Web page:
Regional Reviews: Minneapolis/St. Paul
A Count Up to Christmas is a parody of ham-fisted Christmas themed dramas–especially those made for television on Lifetime, the Hallmark Channel, and such. Typically, the lead character overcomes personal demons that threaten to make their holidays dark, part of the cure being a promising romance that the audience sees coming ten minutes in. Often there are contrasts between city and country Christmases: the former sparkling with flashing light displays, huge holiday entertainments, and miles of shopping opportunities; the latter offering hot cocoa around a fire, sledding on fresh-fallen snow, and the calm of Christmas shopping where you actually get a smile and a thank you from the owner-operator of a gallery, bookstore, or boutique. It is schmaltzy, predictable, and somehow gratifying, as it cozies up to our deeply instilled notions of what is wrong with Christmas and what it should be.
As the holidays approach, Caroline is hit by a double whammy–she is fired from her job in public relations for reasons that are at best murky, and is dumped by her fiancée Kimberly, two months before their planned destination wedding, for which friends and family have already booked plane tickets and the date for canceling venue contracts has passed. Caroline definitely is not feeling moved by holiday spirits, only by the spirits she guzzles from a jumbo-sized martini glass. Her BFF (that's "best friend forever," which in keeping with current stereotyping practice, is a gay man) Simon has just the answer: he gifts her a week-long stay at Valley Peak Lodge in Wannacutatree. The town is deep in the remote north, where Caroline can rest and regroup away from the strains of frantic city life. It also is a renowned fountainhead of Christmas spirit, so she will be infused–in spite of herself–with the healing power of holiday cheer.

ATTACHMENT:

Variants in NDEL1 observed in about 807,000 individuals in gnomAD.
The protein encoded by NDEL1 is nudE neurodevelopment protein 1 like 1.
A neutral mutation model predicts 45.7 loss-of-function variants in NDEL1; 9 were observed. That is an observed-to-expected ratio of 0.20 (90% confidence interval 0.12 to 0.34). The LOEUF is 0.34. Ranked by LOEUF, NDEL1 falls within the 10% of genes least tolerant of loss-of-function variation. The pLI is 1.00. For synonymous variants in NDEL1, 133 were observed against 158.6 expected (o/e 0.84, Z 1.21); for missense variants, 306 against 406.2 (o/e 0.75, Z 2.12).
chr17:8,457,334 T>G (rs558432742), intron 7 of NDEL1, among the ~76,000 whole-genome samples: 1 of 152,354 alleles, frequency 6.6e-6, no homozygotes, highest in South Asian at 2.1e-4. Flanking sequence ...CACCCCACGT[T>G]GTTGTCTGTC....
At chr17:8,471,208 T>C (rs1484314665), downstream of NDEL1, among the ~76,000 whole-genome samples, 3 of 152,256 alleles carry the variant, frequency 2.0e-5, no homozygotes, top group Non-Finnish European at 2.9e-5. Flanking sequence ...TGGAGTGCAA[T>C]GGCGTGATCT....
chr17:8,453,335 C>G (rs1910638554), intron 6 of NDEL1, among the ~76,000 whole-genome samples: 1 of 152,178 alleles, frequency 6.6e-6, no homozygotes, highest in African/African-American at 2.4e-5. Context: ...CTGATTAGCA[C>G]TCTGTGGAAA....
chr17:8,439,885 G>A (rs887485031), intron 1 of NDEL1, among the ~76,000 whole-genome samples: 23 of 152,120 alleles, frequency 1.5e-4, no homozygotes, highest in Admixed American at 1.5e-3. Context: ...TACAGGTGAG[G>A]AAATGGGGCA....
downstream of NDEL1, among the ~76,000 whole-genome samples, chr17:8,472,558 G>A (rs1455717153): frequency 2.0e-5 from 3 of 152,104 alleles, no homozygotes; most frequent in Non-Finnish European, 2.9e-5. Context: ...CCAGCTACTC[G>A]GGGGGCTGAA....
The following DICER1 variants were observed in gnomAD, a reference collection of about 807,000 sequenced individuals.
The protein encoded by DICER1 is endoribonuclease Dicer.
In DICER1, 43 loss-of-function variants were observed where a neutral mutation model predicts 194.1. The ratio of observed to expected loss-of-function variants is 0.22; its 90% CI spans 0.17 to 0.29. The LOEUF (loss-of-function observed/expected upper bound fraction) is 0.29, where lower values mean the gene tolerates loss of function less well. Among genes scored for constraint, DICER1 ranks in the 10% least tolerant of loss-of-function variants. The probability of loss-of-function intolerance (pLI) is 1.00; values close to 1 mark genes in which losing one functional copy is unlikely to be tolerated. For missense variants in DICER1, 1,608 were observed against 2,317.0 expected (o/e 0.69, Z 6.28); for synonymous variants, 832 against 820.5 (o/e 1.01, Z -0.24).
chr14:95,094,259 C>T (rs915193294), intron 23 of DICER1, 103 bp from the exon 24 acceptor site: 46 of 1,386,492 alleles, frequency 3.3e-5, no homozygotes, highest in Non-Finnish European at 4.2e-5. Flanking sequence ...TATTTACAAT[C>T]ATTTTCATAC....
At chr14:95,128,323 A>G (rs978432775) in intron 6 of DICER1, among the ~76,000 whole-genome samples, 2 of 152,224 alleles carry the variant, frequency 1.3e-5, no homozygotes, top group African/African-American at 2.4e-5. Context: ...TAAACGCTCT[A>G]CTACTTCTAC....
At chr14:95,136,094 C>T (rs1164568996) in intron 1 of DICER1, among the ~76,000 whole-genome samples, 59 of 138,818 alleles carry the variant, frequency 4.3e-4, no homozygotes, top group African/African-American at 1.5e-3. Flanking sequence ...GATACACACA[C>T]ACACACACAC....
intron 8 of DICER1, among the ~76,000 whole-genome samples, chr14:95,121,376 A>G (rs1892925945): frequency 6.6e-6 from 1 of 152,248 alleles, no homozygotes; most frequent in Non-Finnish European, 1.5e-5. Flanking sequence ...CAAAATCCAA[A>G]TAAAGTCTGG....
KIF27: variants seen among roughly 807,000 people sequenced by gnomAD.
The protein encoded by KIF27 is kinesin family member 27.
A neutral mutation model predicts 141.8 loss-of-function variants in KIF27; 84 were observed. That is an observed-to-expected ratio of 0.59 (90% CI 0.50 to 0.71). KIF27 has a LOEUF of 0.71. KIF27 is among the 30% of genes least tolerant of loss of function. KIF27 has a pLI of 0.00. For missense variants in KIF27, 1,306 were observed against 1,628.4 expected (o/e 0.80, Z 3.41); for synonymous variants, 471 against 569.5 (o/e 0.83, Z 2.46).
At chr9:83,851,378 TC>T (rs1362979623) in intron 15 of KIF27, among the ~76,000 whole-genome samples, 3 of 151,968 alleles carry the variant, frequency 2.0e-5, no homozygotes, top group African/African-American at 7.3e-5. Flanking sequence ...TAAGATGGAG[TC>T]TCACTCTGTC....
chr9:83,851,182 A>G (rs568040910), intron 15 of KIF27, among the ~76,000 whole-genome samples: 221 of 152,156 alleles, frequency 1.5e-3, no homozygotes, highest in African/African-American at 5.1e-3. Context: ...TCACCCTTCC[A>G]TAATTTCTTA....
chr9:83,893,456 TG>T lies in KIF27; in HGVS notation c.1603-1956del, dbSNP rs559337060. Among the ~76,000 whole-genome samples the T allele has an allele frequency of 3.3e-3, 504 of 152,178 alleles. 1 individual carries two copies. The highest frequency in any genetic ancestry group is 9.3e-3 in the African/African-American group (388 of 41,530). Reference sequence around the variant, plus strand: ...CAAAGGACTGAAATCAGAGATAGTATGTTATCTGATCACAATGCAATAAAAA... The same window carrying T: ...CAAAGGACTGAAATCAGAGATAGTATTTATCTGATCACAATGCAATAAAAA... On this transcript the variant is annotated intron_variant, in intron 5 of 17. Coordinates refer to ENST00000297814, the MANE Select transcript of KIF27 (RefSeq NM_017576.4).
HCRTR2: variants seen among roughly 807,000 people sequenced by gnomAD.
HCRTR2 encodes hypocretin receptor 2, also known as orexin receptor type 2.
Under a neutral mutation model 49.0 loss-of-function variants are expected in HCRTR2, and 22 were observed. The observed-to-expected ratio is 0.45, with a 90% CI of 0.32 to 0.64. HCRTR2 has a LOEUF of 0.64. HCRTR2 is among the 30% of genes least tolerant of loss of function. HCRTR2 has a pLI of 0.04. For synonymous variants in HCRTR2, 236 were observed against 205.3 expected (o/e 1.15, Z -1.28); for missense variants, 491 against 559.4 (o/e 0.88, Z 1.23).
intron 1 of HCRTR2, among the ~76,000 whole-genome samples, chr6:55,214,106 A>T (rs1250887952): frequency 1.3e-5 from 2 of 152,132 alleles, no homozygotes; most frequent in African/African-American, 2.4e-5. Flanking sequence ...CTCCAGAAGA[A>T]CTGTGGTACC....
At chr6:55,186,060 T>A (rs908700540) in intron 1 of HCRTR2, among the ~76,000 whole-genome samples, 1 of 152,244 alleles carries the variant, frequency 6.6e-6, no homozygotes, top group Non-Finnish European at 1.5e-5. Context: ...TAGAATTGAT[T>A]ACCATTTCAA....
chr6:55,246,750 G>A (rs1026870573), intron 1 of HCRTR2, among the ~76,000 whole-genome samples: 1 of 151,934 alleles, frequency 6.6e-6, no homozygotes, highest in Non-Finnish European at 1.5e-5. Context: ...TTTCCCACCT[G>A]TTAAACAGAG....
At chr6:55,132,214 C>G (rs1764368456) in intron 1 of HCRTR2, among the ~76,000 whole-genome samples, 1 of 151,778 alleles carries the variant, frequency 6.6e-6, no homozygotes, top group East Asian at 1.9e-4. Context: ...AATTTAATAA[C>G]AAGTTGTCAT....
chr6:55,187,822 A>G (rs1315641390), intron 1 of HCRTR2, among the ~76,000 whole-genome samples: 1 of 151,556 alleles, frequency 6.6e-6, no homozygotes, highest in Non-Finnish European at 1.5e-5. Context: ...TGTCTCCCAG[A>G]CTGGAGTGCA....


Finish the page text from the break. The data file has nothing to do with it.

Once there, Caroline encounters the characters who inhabit Wannacutatree. There is Mayor Chase Nulty, who weirdly alternates between being saccharine sweet and demonic; folksy innkeeper Mavis, with smashing cookie recipes and surprising world-wide connections; Sheriff Buck Sterling, meant to be a smooth blend of handsome hunk and gentle mannered nice guy–think John Krasinski–along with his eight-year-old deputy sheriff Reggie; Casey, who runs the coffee shop/bookseller combo and extends a warm welcome to avid reader Caroline; and Charlene, who seems to operates every other enterprise in Wannacutatree. Of course–for it is a staple in such stories–there is a problem facing the town that jeopardizes its very survival, and for which Caroline is uniquely qualified to step up and save the day.
The story unspools in ways that rarely surprise, yet–like the made-for-television movies it mocks–feels satisfying. Would we want things to go any differently? Not I. Caroline and the citizens of Wannacutatree are all likeable (with the exception of Mayor Nulty, who is too odd and controlling to cozy up to) and we want a happy ending for them. As is common to small-scale plays set in public spaces, there is the weirdness of having just the same seven people crossing paths constantly. Who else lives, works or shops here? There is a built-in explanation–with a pointed dig at corporate greed–for why the masses that usually descend on Wannacutatree have failed to appear for this year's Christmas festivities, but then, how did Simon learn about it? And why is an eight-year-old–albeit one who is exceedingly precocious and is given many of the best lines–deputy sheriff? The set-up asks us to suspend our disbelief, and we do so willingly because the whole undertaking is so good hearted, and because Caroline–especially as winningly played by Tara Lucchino–quickly feels to us like a friend for whom we want only good things.